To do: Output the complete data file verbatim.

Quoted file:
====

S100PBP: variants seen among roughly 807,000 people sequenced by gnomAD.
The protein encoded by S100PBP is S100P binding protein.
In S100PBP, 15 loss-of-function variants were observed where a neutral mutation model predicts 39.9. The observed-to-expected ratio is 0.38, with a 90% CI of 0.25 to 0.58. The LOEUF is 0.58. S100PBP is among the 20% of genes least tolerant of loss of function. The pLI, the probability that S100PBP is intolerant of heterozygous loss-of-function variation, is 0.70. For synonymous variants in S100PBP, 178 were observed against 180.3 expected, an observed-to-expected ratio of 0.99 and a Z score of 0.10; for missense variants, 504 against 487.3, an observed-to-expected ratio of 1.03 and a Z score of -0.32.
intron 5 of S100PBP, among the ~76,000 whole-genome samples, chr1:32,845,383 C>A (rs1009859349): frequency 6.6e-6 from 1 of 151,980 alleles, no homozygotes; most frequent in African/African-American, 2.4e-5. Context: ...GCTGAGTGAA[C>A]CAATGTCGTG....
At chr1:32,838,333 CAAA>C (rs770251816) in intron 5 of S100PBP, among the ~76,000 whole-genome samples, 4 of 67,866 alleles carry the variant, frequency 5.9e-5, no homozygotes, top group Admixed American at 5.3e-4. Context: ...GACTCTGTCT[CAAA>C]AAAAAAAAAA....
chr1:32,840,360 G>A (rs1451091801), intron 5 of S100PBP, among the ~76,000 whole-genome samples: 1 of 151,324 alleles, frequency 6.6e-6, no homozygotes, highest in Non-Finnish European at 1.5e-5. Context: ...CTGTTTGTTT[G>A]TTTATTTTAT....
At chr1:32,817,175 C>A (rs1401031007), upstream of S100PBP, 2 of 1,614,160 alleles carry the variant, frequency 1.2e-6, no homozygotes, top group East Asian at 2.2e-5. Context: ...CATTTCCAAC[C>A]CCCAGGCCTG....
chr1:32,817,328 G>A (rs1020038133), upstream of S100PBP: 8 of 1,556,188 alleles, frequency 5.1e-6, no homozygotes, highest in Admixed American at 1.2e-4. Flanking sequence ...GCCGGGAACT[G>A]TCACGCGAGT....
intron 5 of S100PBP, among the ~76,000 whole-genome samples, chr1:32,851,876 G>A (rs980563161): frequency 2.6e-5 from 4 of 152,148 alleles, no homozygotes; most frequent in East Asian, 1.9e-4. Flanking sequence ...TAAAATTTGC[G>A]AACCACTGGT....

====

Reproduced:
S100PBP: variants seen among roughly 807,000 people sequenced by gnomAD.
The protein encoded by S100PBP is S100P binding protein.
In S100PBP, 15 loss-of-function variants were observed where a neutral mutation model predicts 39.9. The observed-to-expected ratio is 0.38, with a 90% CI of 0.25 to 0.58. The LOEUF is 0.58. S100PBP is among the 20% of genes least tolerant of loss of function. The pLI, the probability that S100PBP is intolerant of heterozygous loss-of-function variation, is 0.70. For synonymous variants in S100PBP, 178 were observed against 180.3 expected, an observed-to-expected ratio of 0.99 and a Z score of 0.10; for missense variants, 504 against 487.3, an observed-to-expected ratio of 1.03 and a Z score of -0.32.
intron 5 of S100PBP, among the ~76,000 whole-genome samples, chr1:32,845,383 C>A (rs1009859349): frequency 6.6e-6 from 1 of 151,980 alleles, no homozygotes; most frequent in African/African-American, 2.4e-5. Context: ...GCTGAGTGAA[C>A]CAATGTCGTG....
At chr1:32,838,333 CAAA>C (rs770251816) in intron 5 of S100PBP, among the ~76,000 whole-genome samples, 4 of 67,866 alleles carry the variant, frequency 5.9e-5, no homozygotes, top group Admixed American at 5.3e-4. Context: ...GACTCTGTCT[CAAA>C]AAAAAAAAAA....
chr1:32,840,360 G>A (rs1451091801), intron 5 of S100PBP, among the ~76,000 whole-genome samples: 1 of 151,324 alleles, frequency 6.6e-6, no homozygotes, highest in Non-Finnish European at 1.5e-5. Context: ...CTGTTTGTTT[G>A]TTTATTTTAT....
At chr1:32,817,175 C>A (rs1401031007), upstream of S100PBP, 2 of 1,614,160 alleles carry the variant, frequency 1.2e-6, no homozygotes, top group East Asian at 2.2e-5. Context: ...CATTTCCAAC[C>A]CCCAGGCCTG....
chr1:32,817,328 G>A (rs1020038133), upstream of S100PBP: 8 of 1,556,188 alleles, frequency 5.1e-6, no homozygotes, highest in Admixed American at 1.2e-4. Flanking sequence ...GCCGGGAACT[G>A]TCACGCGAGT....
intron 5 of S100PBP, among the ~76,000 whole-genome samples, chr1:32,851,876 G>A (rs980563161): frequency 2.6e-5 from 4 of 152,148 alleles, no homozygotes; most frequent in East Asian, 1.9e-4. Flanking sequence ...TAAAATTTGC[G>A]AACCACTGGT....